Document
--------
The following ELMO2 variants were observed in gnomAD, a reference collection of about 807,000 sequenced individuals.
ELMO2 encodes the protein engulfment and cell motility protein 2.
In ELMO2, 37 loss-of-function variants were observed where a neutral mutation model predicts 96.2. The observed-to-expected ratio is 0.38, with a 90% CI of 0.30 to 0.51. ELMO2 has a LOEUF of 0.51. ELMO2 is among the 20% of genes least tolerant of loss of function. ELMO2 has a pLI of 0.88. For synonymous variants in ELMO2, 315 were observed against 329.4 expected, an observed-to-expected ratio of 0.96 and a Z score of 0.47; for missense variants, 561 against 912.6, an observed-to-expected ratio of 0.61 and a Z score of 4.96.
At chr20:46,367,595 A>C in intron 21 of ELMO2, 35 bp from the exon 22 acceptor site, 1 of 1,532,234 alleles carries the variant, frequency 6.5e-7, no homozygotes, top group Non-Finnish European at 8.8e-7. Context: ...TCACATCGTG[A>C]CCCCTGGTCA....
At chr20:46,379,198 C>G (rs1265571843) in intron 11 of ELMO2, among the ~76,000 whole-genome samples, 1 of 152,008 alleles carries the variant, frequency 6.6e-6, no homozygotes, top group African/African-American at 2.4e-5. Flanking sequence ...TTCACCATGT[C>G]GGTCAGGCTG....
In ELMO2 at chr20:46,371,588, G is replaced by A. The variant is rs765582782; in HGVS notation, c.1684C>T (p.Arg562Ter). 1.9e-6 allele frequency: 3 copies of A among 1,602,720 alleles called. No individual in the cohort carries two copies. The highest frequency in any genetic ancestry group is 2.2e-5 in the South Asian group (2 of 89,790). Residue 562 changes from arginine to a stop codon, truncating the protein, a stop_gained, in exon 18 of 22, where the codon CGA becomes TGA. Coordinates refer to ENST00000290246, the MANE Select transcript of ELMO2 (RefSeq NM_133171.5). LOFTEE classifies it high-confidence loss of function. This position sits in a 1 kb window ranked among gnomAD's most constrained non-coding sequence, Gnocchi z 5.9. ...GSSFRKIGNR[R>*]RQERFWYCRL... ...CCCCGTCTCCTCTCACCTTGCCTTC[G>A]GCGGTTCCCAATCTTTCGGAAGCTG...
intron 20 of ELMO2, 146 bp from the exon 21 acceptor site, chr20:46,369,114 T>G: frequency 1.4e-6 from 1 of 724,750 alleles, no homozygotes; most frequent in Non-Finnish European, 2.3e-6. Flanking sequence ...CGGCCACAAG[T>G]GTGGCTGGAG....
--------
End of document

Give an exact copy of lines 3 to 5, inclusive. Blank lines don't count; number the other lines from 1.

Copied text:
In ELMO2, 37 loss-of-function variants were observed where a neutral mutation model predicts 96.2. The observed-to-expected ratio is 0.38, with a 90% CI of 0.30 to 0.51. ELMO2 has a LOEUF of 0.51. ELMO2 is among the 20% of genes least tolerant of loss of function. ELMO2 has a pLI of 0.88. For synonymous variants in ELMO2, 315 were observed against 329.4 expected, an observed-to-expected ratio of 0.96 and a Z score of 0.47; for missense variants, 561 against 912.6, an observed-to-expected ratio of 0.61 and a Z score of 4.96.
At chr20:46,367,595 A>C in intron 21 of ELMO2, 35 bp from the exon 22 acceptor site, 1 of 1,532,234 alleles carries the variant, frequency 6.5e-7, no homozygotes, top group Non-Finnish European at 8.8e-7. Context: ...TCACATCGTG[A>C]CCCCTGGTCA....
At chr20:46,379,198 C>G (rs1265571843) in intron 11 of ELMO2, among the ~76,000 whole-genome samples, 1 of 152,008 alleles carries the variant, frequency 6.6e-6, no homozygotes, top group African/African-American at 2.4e-5. Flanking sequence ...TTCACCATGT[C>G]GGTCAGGCTG....